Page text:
For more information on Ice Energy and ground and air source heat pumps, visit

Here's more related content

Sorry we don't have any suggested related content at the moment. Please check back later.

Join The Conversation

Leave a Reply

Here's More Ethical Energy & Climate, Home & Garden News & Features

  • All
  • COP29
  • Energy efficient
  • London
  • Personal Care
  • activism
  • activists
  • agroforestry
  • baby
  • books
  • business
  • butterflies
  • carbon
  • cities
  • citizen science
  • climate
  • climate action
  • climate change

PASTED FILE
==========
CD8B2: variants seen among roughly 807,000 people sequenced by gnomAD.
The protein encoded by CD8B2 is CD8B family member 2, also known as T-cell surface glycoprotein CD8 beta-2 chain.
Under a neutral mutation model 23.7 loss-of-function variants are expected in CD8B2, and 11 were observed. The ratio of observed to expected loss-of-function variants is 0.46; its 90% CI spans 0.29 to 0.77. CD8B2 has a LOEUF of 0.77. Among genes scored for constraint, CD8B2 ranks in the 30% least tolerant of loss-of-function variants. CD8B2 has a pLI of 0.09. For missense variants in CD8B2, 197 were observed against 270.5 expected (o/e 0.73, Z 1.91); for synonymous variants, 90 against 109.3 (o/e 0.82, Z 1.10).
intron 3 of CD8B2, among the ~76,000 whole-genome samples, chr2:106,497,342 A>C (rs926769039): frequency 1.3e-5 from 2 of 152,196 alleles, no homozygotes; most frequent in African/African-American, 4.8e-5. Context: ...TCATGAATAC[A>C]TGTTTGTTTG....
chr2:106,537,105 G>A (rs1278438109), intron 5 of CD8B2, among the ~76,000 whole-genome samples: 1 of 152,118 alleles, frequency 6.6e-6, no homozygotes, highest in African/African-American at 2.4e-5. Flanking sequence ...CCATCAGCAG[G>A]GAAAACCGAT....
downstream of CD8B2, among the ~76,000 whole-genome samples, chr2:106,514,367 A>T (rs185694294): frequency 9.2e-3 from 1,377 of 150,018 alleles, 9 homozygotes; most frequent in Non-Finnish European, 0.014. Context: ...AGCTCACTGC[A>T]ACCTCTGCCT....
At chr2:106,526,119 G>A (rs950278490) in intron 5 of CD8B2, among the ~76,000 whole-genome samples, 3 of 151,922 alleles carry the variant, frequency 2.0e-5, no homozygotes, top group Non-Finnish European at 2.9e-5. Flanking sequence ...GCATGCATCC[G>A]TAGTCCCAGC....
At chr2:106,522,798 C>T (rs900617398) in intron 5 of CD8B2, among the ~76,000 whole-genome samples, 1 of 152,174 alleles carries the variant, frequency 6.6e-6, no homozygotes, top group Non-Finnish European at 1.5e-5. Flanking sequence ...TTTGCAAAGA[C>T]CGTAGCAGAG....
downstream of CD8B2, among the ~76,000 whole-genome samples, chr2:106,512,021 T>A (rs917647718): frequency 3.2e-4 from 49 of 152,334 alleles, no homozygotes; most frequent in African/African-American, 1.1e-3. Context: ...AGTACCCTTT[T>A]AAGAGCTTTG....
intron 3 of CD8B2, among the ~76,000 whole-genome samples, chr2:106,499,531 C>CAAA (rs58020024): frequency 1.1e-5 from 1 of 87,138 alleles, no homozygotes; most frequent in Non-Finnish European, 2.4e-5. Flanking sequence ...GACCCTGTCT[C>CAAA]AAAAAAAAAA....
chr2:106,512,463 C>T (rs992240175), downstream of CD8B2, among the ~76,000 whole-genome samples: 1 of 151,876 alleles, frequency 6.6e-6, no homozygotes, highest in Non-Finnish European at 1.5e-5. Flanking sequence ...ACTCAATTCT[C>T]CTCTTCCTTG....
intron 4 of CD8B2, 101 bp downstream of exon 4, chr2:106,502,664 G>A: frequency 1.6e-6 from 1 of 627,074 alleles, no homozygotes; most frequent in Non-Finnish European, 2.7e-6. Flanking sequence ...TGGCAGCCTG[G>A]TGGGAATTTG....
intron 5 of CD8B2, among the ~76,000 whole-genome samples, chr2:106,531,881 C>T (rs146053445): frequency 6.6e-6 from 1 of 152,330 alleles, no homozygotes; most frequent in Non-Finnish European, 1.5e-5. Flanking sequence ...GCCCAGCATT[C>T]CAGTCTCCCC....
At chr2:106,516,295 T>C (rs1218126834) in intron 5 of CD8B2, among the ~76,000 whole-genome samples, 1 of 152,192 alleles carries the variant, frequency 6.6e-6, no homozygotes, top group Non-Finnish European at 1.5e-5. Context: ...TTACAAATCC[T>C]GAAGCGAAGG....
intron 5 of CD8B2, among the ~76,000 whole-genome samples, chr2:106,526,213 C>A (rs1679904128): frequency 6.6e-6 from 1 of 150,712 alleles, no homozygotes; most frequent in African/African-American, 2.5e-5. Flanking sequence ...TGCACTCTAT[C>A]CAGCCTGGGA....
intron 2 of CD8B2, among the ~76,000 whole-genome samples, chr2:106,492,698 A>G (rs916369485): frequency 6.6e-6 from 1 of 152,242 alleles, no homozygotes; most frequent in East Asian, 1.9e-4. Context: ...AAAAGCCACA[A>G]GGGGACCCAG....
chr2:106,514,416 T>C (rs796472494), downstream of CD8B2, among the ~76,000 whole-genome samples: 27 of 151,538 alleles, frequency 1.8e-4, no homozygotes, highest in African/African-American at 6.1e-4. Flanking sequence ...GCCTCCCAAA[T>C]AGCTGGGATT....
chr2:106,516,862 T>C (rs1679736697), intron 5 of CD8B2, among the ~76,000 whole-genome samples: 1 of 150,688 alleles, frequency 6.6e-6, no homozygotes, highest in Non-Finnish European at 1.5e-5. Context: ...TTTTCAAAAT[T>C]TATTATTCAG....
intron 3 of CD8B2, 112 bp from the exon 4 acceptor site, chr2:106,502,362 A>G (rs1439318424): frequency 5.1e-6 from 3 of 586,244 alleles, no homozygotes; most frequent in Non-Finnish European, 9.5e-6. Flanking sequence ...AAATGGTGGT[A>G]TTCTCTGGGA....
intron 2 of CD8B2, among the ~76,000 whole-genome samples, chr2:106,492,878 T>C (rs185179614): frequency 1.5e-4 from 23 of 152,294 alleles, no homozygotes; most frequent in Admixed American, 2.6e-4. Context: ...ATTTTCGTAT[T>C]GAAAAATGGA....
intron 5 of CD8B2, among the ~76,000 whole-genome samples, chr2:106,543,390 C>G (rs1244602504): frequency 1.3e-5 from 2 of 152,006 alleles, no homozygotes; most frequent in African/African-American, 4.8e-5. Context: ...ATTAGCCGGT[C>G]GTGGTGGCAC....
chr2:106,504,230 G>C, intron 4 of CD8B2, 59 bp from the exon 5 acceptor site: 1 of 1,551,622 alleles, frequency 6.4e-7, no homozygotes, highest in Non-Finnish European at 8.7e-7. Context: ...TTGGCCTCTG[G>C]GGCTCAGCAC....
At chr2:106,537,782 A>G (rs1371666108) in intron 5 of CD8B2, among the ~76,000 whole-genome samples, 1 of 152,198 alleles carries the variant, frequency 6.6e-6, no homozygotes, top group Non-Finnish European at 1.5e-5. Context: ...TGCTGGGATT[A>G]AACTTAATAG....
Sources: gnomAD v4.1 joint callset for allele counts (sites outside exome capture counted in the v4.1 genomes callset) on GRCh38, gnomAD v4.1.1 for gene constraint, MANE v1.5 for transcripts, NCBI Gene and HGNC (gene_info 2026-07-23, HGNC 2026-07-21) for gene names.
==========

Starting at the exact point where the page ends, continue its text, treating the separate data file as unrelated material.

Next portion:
• climate justice
  • community
  • conflict
  • drinks
  • economics
  • education
  • emissions
  • energy
  • energy bills
  • environment
  • ethical business
  • events
  • extreme weather
  • family
  • farmers
  • farming
  • fires
  • floods
  • food
  • fossil fuels
  • garden
  • gas
  • green jobs
  • home
  • homes
  • housing
  • human rights
  • investment
  • jobs
  • just transition
  • law
  • legal
  • lifestyle
  • money
  • natural health
  • natural products
  • natural skincare
  • nature
  • net zero
  • oil
  • oil companies
  • organic
  • peace
  • plastics
  • policy
  • politics
  • pollution
  • renewable energy
  • renewables
  • skincare
  • soil
  • solar
  • students
  • sustainability
  • travel
  • water
  • weather
  • wellbeing
  • wildlife
  • wind power
  • women
  • work
  • youth